Top golfers that never had golf lessons – Bobby Jones

bobby jones

“In order to win, you must play your best golf when you need it most and play your sloppy stuff when you can afford it. I shall not attempt to explain how you achieve this happy timing.”Bobby Jones

By Ian Hardie

While writing the series of eight posts Do you really need golf lessons? a while back

You may recall that I ended up deciding that there are four basic types of golf lessons

That the bulk of golfers take or (more correctly) should be taking around the world

As I was researching for those posts, I also spent some time looking into

Some of the more unusual facets of the whole subject of golf lessons

One of the interesting paths that I went down was trying to find out about

Top golfers over the years that had reportedly never had a golf lesson

Which wasn’t as easy as you might think it would be

Due to the fact that the definition of exactly what a golf lesson is

Can mean different things to different people, which was something

That I experienced as a young apprentice golf professional many years ago

As the bulk of the progress that I made at improving my skills at the game of golf

Came through informal discussions in the back of the golf shop when it was quiet

Combined with a significant amount of time spent afterwards ‘putting it into practice’

Through what can only be described as a ‘trial and error’ method on the practice fairway

Meaning that there have been very few occasions that I have experienced a golf lesson

Although you can read about my first and probably most memorable one here if you want

When you consider that almost all top golfers spend a bit of time watching and talking

To other top golfers, practicing to improve their skills and generally reading about golf

The more accurate description of what I was trying to find turned out to be

Top golfers that haven’t had consistent lessons or a single golf teacher over the years

Which fitted in with the observations that I made in the ‘Do you really need golf lessons?’ series of posts

When I said that ‘you don’t necessarily need golf lessons to learn golf’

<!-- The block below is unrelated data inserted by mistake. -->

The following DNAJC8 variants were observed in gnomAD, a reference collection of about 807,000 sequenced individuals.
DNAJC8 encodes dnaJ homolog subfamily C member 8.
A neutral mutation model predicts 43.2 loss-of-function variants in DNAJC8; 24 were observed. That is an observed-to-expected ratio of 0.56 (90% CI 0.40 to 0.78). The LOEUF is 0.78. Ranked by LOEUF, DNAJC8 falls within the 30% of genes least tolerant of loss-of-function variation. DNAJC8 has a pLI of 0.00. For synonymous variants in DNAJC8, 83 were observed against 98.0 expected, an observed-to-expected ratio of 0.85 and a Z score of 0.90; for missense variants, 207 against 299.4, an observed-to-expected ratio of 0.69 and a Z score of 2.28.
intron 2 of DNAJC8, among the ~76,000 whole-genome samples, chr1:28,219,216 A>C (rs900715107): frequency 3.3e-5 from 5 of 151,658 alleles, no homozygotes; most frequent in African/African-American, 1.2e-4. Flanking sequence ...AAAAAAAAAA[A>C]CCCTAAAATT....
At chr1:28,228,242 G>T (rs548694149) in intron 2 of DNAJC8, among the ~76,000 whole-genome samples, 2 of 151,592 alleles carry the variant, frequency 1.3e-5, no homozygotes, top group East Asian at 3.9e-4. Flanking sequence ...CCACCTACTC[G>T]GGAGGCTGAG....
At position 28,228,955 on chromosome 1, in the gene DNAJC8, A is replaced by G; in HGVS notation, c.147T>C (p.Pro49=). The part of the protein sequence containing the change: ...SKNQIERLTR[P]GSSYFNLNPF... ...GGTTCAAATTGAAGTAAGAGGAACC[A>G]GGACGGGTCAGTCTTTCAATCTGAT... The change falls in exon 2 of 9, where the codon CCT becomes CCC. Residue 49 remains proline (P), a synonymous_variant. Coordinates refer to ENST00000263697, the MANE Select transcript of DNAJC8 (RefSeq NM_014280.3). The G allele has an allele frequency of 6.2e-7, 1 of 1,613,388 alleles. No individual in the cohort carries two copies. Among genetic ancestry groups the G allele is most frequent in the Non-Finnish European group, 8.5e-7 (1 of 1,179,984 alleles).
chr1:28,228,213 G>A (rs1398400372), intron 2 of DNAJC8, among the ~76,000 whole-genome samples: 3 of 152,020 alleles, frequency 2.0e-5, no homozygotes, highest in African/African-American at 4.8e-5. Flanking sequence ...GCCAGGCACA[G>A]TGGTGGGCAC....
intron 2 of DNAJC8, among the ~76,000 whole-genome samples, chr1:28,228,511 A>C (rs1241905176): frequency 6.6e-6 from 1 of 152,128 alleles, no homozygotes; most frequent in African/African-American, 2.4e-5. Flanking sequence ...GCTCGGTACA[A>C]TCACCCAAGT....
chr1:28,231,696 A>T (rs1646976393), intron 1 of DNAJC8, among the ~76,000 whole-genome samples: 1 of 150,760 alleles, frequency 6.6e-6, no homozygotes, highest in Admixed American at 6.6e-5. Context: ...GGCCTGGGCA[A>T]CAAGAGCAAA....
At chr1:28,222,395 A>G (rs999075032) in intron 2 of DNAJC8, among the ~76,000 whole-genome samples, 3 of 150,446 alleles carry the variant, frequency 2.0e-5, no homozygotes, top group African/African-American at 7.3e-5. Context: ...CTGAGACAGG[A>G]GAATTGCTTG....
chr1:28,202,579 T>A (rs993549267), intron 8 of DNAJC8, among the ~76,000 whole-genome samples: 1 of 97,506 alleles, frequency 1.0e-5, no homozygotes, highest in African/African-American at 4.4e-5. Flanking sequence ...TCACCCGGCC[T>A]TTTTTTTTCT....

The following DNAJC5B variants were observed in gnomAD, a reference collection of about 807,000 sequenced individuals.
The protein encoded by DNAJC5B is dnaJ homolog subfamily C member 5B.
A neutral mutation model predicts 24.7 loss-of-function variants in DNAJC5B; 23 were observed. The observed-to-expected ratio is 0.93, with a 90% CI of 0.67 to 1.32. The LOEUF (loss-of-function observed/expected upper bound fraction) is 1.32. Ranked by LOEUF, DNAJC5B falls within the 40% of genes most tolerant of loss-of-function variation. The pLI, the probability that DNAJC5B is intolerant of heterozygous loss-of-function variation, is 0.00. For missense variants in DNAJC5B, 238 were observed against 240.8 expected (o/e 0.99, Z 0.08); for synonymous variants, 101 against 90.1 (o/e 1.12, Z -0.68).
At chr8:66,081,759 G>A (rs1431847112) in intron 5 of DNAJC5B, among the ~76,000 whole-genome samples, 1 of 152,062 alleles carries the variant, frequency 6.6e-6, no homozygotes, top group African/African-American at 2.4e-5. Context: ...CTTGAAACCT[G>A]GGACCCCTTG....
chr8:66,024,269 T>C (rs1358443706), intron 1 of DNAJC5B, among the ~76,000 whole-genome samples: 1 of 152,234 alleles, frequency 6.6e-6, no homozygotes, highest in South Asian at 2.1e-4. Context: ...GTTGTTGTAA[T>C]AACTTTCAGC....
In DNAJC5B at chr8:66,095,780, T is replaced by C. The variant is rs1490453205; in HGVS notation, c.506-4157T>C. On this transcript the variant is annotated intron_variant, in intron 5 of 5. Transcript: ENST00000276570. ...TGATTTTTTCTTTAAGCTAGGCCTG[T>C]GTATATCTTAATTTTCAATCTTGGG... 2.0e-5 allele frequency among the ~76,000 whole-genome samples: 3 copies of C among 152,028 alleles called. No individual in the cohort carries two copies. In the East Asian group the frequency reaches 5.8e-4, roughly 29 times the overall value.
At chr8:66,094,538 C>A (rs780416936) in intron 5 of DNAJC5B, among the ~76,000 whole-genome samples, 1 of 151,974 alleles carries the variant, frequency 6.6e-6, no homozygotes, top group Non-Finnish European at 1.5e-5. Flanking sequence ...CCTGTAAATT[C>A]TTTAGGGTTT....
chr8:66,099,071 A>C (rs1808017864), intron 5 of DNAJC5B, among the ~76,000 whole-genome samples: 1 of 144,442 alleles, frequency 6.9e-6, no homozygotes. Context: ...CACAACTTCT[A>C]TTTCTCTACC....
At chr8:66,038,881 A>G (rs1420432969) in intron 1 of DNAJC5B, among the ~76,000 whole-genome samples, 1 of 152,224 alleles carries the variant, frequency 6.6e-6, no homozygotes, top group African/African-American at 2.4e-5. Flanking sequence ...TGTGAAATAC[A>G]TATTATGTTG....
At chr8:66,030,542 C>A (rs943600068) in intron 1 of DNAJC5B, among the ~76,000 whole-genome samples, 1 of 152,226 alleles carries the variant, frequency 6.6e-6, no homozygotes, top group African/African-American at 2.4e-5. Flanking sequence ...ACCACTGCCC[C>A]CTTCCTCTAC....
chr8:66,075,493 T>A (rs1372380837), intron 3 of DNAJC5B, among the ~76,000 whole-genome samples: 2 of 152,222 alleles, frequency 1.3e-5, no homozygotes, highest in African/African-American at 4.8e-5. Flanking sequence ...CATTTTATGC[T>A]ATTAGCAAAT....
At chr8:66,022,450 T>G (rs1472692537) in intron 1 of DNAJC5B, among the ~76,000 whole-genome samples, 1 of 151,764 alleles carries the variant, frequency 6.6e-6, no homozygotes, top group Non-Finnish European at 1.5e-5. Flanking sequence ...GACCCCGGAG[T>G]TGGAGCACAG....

Golf lessons will simply make it quicker and easier for you to develop your skills

Meaning that you will be more likely to continue the game rather than finding it difficult

Some people are just naturally able to pick all that stuff up and make it work on their own

Like the golfer who is known as the greatest amateur golfer of all time

Robert Tyre Jones Jr. is of course more commonly known as Bobby Jones

The only golfer to complete a single-season Grand Slam (as it was back then)

He won 7 Professional Major Championships while remaining a lifelong amateur;

The U.S. Open in 1923, 1926, 1929, 1930 and the British Open in 1926, 1927, 1930

As well as winning 6 Amateur Championships over the same period

The U.S. Amateur in 1924, 1925, 1927, 1928, 1930 and the British Amateur in 1930

He was also a Co-founder of the Augusta National Golf Club at which one of golf’s major tournaments – the Masters – is held each year

You could argue (and no doubt many people do) that with a record like that

Bobby Jones is the greatest golfer who ever lived, however one thing is clear

He was certainly the greatest part-time golfer who ever lived as Bobby Jones

Usually only played golf in summer – which was about three months each year

Yes, you read that right!

In his early years Bobby Jones was apparently “such a sickly child that he was unable to eat solid food until he was five years old.”

This changed after his family bought a house on Atlanta’s East Lake Country Club and Jones’ health improved as he got into sports – including golf

It seems that Jones never had formal lessons, instead he developed his swing by watching the pro at East Lake Country Club – Stewart Maiden – from Carnoustie, Scotland

He began winning tournaments at age 6 and by age 14 Bobby Jones was playing in national championships although his later career could be best described as being in two parts

The “Seven Lean Years” from ages 14 to 21 and the “Seven Fat Years” from ages 21 to 28

As Jones was a prodigy and playing in national championships at a young age

His fame as a golfer grew even though he rarely won anything of significance

Possibly his well-known temper and many club-throwing incidents played a part in that

But when Jones finally broke through by winning the 1923 U.S. Open – the “fat years” began

From 1923 to 1930, Jones played in 21 national championships and won 13 of them

His brilliance culminated in 1930 when he won the Grand Slam of the time:

The U.S. Open, U.S. Amateur, British Open and British Amateur – all in the same year

Then – at the ripe old age of 28 – Jones retired from competitive golf

So what was it that made Bobby Jones a top golfer without having golf lessons?

Three things stand out, the first of which was that he modelled what he saw the pro doing and even though I wasn’t able to find a record of it anywhere

I’d suggest that the old pro just might have had a bit more to do with helping him than that

The second thing was that as he only played golf for 3 months a year – he committed himself fully – nothing else got in his way as he was completely focussed on his golf

The last thing that I think was useful to him was his temper

Which is something I’m going to talk more about in ‘Top golfers that have never had golf lessons – Bobby Jones – part two’

Until then

Play well

 

Related Posts

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Why golfers don’t have as many golf lessons as they should

What to expect from a golf lesson

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